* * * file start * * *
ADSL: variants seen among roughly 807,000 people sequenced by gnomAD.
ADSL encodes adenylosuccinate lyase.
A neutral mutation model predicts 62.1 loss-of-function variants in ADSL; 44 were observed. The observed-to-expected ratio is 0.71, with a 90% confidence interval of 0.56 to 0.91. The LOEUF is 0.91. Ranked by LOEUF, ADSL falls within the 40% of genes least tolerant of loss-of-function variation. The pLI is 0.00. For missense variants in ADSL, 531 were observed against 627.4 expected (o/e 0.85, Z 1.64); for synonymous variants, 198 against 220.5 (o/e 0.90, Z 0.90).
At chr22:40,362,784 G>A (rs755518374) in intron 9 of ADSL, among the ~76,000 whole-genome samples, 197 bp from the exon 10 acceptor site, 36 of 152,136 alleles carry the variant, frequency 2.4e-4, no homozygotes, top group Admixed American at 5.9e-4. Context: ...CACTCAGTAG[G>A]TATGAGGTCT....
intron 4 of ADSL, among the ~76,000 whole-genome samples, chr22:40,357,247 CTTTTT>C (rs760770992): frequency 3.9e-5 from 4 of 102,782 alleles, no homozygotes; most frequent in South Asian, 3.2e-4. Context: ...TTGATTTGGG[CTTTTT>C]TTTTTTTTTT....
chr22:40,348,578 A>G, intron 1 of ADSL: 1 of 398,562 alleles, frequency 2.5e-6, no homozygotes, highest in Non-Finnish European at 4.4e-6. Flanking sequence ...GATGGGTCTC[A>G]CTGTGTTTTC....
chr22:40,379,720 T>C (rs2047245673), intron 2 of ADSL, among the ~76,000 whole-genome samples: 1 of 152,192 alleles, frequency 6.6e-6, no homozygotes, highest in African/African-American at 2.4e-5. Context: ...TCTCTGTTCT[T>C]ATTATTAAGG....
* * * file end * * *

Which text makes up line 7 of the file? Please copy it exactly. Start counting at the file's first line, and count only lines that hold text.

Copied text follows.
chr22:40,379,720 T>C (rs2047245673), intron 2 of ADSL, among the ~76,000 whole-genome samples: 1 of 152,192 alleles, frequency 6.6e-6, no homozygotes, highest in African/African-American at 2.4e-5. Context: ...TCTCTGTTCT[T>C]ATTATTAAGG....